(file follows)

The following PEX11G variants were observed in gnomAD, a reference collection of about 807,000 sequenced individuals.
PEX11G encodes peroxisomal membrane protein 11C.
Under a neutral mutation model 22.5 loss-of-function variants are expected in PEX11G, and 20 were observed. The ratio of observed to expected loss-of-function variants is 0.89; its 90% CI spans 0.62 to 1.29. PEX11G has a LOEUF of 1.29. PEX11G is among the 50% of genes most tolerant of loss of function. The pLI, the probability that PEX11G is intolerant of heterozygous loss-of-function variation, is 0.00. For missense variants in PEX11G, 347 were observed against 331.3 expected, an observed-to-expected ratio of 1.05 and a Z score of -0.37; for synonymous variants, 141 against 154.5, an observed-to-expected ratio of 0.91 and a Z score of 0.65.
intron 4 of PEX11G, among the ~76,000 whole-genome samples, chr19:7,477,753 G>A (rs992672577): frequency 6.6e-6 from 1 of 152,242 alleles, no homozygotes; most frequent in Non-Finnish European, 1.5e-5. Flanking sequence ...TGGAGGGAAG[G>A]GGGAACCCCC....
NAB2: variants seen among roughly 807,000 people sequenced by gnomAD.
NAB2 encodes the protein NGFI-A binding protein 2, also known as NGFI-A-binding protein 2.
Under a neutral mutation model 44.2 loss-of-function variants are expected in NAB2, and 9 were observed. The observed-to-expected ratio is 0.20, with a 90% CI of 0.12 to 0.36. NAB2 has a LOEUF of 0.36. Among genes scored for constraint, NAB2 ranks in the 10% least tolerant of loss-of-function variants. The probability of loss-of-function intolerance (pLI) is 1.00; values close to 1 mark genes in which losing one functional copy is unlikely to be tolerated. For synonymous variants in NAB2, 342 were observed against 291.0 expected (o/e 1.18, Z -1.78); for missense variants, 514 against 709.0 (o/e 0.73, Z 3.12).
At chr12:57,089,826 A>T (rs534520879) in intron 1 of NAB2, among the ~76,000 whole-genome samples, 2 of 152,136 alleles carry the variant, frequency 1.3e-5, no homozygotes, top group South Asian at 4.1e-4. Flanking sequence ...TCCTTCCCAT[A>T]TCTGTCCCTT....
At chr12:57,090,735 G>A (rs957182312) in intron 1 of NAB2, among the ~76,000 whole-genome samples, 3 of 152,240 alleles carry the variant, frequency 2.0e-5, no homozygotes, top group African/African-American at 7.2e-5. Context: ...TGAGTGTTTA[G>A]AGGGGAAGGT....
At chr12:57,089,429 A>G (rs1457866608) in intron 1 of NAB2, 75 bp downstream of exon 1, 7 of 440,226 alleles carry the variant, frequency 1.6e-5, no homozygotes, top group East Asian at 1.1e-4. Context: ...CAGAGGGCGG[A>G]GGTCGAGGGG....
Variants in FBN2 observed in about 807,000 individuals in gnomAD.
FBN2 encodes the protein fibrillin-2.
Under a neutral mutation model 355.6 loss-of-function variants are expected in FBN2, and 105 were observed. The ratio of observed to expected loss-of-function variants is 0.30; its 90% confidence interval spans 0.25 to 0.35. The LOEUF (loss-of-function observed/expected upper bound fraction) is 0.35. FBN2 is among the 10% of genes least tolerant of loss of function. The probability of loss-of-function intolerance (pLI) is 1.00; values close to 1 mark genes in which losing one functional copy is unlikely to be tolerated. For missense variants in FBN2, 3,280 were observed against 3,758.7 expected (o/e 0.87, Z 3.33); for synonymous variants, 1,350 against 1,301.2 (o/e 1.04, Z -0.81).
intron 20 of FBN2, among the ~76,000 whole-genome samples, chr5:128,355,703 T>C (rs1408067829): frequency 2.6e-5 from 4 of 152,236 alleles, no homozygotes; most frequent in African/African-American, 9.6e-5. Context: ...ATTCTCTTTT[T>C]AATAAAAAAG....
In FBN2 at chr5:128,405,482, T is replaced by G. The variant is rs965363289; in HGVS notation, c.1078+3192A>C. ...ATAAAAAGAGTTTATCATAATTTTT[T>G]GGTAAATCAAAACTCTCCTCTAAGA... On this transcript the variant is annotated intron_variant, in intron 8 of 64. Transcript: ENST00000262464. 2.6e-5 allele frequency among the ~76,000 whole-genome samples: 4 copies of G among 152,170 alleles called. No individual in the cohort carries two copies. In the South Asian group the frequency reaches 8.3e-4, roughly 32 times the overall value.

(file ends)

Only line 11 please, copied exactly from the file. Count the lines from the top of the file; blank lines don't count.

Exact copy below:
Variants in FBN2 observed in about 807,000 individuals in gnomAD.